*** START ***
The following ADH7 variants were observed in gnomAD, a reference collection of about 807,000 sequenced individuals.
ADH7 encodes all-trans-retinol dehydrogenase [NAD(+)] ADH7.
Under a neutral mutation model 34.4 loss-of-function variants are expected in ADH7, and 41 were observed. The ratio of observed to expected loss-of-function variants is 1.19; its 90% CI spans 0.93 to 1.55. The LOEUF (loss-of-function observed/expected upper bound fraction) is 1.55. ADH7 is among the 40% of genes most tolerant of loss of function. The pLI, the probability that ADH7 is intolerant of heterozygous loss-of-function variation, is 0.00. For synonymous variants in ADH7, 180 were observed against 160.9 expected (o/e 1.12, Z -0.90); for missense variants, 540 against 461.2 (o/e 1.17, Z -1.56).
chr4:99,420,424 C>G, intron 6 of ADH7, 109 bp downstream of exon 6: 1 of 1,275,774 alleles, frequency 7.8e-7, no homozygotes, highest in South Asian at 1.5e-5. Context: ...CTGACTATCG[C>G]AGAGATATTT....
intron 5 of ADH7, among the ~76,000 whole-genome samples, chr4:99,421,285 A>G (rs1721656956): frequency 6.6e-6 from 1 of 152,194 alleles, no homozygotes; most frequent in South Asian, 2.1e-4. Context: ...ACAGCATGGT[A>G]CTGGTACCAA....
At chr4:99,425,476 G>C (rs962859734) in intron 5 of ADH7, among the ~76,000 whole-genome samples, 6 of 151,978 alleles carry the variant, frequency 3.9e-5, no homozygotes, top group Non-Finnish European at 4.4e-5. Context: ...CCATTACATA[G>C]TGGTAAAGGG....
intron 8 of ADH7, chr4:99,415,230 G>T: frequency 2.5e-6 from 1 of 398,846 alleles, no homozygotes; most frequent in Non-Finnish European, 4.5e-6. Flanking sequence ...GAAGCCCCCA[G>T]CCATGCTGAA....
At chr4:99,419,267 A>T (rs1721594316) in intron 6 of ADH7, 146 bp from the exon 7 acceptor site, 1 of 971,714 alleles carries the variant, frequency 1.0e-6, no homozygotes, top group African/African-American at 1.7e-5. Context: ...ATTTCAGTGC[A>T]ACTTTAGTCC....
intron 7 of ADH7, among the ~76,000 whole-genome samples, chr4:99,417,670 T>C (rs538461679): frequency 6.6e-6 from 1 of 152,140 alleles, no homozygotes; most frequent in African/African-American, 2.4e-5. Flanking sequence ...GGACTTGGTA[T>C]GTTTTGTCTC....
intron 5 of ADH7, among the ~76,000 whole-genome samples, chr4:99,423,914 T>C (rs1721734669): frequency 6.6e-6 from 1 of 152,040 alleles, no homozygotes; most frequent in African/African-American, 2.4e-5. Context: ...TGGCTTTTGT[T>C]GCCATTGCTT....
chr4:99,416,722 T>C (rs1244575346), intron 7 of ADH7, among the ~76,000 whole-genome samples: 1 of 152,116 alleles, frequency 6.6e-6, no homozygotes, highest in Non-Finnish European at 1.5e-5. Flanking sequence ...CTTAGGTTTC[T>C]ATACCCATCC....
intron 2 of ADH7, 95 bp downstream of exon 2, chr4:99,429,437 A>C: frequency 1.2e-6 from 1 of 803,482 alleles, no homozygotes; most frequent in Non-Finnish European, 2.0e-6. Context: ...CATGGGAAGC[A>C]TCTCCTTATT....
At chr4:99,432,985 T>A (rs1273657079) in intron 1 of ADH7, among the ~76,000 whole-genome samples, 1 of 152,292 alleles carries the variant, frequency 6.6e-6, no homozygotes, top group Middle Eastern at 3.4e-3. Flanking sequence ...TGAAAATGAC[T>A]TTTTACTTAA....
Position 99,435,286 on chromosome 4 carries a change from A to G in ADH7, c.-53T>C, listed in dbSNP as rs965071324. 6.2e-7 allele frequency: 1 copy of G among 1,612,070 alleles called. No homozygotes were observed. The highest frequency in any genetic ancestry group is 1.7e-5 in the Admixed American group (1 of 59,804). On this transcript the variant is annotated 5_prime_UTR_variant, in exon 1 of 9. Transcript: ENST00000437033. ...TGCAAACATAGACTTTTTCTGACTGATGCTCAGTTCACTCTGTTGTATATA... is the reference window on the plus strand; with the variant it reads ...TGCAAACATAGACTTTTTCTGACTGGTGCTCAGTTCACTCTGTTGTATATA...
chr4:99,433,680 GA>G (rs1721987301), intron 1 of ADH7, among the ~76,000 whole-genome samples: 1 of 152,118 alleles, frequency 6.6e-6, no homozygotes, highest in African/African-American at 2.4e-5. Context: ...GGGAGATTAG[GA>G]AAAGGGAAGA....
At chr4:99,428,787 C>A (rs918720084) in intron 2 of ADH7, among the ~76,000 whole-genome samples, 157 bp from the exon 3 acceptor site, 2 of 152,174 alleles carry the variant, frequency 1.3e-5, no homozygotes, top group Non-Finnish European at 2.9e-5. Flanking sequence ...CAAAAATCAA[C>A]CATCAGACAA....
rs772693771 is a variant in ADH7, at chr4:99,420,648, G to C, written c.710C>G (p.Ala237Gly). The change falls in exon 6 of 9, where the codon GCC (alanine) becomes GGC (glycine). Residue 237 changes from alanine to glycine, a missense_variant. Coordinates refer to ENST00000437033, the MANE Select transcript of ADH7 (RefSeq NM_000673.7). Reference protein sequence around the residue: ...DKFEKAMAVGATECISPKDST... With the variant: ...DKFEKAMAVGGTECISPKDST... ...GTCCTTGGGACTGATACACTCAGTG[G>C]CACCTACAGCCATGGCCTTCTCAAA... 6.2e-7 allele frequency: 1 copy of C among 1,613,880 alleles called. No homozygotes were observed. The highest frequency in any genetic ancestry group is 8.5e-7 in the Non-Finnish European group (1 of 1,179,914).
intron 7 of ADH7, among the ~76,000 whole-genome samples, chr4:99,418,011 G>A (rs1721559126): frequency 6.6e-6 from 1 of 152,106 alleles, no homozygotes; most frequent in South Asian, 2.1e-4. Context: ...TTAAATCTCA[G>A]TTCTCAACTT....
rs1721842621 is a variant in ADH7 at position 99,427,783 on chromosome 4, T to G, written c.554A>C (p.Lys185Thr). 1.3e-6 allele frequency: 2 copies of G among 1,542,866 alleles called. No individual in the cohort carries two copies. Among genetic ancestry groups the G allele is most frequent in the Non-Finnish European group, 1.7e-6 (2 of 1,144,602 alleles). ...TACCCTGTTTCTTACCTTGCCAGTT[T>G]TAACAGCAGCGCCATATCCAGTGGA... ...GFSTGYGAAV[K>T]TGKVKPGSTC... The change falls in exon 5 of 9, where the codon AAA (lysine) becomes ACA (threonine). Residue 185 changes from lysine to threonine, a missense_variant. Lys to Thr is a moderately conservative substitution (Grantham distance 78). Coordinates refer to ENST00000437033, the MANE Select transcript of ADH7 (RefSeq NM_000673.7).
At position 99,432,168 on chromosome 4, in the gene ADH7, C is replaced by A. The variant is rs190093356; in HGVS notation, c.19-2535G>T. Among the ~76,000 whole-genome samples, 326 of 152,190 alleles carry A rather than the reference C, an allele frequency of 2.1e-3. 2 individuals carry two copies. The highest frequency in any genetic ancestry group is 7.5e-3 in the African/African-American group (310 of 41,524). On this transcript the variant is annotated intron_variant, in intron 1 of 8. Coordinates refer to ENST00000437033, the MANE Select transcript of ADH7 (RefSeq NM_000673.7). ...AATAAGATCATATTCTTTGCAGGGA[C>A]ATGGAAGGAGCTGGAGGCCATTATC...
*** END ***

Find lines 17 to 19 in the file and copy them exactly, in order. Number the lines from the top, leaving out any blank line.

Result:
rs772693771 is a variant in ADH7, at chr4:99,420,648, G to C, written c.710C>G (p.Ala237Gly). The change falls in exon 6 of 9, where the codon GCC (alanine) becomes GGC (glycine). Residue 237 changes from alanine to glycine, a missense_variant. Coordinates refer to ENST00000437033, the MANE Select transcript of ADH7 (RefSeq NM_000673.7). Reference protein sequence around the residue: ...DKFEKAMAVGATECISPKDST... With the variant: ...DKFEKAMAVGGTECISPKDST... ...GTCCTTGGGACTGATACACTCAGTG[G>C]CACCTACAGCCATGGCCTTCTCAAA... 6.2e-7 allele frequency: 1 copy of C among 1,613,880 alleles called. No homozygotes were observed. The highest frequency in any genetic ancestry group is 8.5e-7 in the Non-Finnish European group (1 of 1,179,914).
intron 7 of ADH7, among the ~76,000 whole-genome samples, chr4:99,418,011 G>A (rs1721559126): frequency 6.6e-6 from 1 of 152,106 alleles, no homozygotes; most frequent in South Asian, 2.1e-4. Context: ...TTAAATCTCA[G>A]TTCTCAACTT....
rs1721842621 is a variant in ADH7 at position 99,427,783 on chromosome 4, T to G, written c.554A>C (p.Lys185Thr). 1.3e-6 allele frequency: 2 copies of G among 1,542,866 alleles called. No individual in the cohort carries two copies. Among genetic ancestry groups the G allele is most frequent in the Non-Finnish European group, 1.7e-6 (2 of 1,144,602 alleles). ...TACCCTGTTTCTTACCTTGCCAGTT[T>G]TAACAGCAGCGCCATATCCAGTGGA... ...GFSTGYGAAV[K>T]TGKVKPGSTC... The change falls in exon 5 of 9, where the codon AAA (lysine) becomes ACA (threonine). Residue 185 changes from lysine to threonine, a missense_variant. Lys to Thr is a moderately conservative substitution (Grantham distance 78). Coordinates refer to ENST00000437033, the MANE Select transcript of ADH7 (RefSeq NM_000673.7).